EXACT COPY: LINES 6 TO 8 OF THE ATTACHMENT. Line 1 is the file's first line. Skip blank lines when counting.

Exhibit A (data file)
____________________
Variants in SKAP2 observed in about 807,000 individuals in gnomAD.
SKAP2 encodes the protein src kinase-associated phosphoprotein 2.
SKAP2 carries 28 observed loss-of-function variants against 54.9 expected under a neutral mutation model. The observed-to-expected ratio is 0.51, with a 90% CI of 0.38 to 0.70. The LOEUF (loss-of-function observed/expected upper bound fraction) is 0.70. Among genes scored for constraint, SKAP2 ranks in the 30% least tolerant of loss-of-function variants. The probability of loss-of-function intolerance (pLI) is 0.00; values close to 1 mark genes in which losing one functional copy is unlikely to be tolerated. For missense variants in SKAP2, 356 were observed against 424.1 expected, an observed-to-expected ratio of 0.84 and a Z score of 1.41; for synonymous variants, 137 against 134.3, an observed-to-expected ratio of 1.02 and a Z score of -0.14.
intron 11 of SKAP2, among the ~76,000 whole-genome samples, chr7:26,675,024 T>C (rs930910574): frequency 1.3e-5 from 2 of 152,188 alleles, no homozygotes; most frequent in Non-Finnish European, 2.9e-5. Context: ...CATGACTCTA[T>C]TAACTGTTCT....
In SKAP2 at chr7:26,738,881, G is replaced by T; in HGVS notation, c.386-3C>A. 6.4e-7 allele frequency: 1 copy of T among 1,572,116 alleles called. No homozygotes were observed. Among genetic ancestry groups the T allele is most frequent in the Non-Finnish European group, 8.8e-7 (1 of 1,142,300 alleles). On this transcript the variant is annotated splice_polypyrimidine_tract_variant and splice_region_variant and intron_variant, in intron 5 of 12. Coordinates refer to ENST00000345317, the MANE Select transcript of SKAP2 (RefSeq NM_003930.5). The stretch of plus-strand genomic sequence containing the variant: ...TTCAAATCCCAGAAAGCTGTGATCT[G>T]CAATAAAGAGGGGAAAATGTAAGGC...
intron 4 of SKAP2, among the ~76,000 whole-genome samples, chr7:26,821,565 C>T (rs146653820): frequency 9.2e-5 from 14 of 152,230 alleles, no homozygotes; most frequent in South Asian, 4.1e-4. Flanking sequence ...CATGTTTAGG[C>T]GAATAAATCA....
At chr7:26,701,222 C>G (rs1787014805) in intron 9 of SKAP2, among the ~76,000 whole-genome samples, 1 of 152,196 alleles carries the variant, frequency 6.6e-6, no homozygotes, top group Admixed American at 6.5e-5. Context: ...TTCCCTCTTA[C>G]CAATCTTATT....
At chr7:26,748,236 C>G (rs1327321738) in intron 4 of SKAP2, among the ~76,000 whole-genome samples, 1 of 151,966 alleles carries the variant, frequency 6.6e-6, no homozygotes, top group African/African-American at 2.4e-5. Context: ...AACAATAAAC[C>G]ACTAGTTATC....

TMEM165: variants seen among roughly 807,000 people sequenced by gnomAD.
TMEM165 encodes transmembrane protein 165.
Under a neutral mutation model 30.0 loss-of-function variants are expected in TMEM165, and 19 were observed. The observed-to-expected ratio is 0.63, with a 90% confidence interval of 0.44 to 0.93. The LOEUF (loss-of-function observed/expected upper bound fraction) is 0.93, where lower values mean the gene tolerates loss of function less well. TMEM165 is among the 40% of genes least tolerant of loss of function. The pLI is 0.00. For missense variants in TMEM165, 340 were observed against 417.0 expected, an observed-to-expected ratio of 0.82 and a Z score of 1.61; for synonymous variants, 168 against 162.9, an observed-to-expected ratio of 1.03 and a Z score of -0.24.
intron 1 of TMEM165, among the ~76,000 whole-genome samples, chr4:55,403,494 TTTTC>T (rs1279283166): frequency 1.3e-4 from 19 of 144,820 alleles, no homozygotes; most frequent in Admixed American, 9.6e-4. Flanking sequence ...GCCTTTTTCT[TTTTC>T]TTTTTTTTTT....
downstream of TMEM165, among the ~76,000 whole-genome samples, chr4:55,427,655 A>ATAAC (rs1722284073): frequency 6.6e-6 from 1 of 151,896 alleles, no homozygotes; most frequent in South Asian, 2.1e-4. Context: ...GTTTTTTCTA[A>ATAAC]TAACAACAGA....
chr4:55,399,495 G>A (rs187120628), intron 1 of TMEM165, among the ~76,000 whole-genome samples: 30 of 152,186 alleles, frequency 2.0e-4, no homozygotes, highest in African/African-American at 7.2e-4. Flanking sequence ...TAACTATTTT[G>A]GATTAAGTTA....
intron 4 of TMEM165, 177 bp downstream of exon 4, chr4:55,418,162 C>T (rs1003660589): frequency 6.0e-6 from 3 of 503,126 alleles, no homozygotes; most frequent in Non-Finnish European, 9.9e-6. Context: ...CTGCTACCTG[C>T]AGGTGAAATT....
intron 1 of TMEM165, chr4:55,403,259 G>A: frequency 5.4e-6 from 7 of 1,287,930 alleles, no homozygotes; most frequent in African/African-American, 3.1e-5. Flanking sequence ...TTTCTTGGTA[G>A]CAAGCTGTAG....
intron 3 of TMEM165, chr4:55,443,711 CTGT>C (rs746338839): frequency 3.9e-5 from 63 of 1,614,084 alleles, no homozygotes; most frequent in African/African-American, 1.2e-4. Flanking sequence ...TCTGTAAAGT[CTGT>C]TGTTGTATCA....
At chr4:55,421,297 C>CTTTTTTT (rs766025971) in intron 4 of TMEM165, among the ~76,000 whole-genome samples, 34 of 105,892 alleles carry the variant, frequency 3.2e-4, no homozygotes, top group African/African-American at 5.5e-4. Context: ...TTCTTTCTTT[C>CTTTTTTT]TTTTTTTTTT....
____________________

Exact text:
intron 4 of SKAP2, among the ~76,000 whole-genome samples, chr7:26,821,565 C>T (rs146653820): frequency 9.2e-5 from 14 of 152,230 alleles, no homozygotes; most frequent in South Asian, 4.1e-4. Flanking sequence ...CATGTTTAGG[C>T]GAATAAATCA....
At chr7:26,701,222 C>G (rs1787014805) in intron 9 of SKAP2, among the ~76,000 whole-genome samples, 1 of 152,196 alleles carries the variant, frequency 6.6e-6, no homozygotes, top group Admixed American at 6.5e-5. Context: ...TTCCCTCTTA[C>G]CAATCTTATT....
At chr7:26,748,236 C>G (rs1327321738) in intron 4 of SKAP2, among the ~76,000 whole-genome samples, 1 of 151,966 alleles carries the variant, frequency 6.6e-6, no homozygotes, top group African/African-American at 2.4e-5. Context: ...AACAATAAAC[C>G]ACTAGTTATC....